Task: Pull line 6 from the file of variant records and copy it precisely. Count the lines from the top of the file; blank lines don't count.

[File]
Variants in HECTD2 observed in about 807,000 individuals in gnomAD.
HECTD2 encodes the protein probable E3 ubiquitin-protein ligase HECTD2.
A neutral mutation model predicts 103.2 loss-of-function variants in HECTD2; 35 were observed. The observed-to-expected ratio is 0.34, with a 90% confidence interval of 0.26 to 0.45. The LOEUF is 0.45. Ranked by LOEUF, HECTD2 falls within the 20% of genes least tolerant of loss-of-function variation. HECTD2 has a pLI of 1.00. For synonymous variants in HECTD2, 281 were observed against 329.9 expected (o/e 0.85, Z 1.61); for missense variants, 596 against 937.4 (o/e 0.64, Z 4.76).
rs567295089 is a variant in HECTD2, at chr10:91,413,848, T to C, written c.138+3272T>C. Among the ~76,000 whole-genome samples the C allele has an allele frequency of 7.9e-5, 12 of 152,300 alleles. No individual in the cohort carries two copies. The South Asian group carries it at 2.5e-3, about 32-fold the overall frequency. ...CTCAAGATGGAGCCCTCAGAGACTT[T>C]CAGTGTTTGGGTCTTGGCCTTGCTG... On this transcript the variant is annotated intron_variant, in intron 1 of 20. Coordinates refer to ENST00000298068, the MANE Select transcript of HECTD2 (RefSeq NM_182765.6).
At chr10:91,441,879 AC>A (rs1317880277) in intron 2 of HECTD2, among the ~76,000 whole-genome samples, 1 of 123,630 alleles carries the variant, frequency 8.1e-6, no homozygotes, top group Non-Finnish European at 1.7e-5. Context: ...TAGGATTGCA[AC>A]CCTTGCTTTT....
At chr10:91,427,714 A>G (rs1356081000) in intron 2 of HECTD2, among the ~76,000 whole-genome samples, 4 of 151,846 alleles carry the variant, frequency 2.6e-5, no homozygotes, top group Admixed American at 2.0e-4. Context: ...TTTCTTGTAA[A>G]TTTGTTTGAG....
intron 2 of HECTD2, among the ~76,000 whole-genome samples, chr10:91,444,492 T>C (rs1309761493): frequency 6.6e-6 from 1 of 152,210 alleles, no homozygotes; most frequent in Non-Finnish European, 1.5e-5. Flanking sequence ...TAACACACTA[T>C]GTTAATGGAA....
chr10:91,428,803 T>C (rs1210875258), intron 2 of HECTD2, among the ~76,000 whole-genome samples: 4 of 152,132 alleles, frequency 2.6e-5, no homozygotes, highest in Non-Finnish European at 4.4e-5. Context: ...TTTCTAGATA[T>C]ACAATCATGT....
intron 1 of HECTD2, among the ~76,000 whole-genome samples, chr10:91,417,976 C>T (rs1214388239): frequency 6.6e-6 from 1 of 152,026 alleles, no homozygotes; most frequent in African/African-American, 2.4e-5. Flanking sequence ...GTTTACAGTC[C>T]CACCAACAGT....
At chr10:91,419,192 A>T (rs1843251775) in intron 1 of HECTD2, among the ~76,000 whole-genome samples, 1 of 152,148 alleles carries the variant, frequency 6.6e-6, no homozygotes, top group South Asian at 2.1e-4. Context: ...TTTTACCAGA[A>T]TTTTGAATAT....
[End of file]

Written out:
At chr10:91,427,714 A>G (rs1356081000) in intron 2 of HECTD2, among the ~76,000 whole-genome samples, 4 of 151,846 alleles carry the variant, frequency 2.6e-5, no homozygotes, top group Admixed American at 2.0e-4. Context: ...TTTCTTGTAA[A>G]TTTGTTTGAG....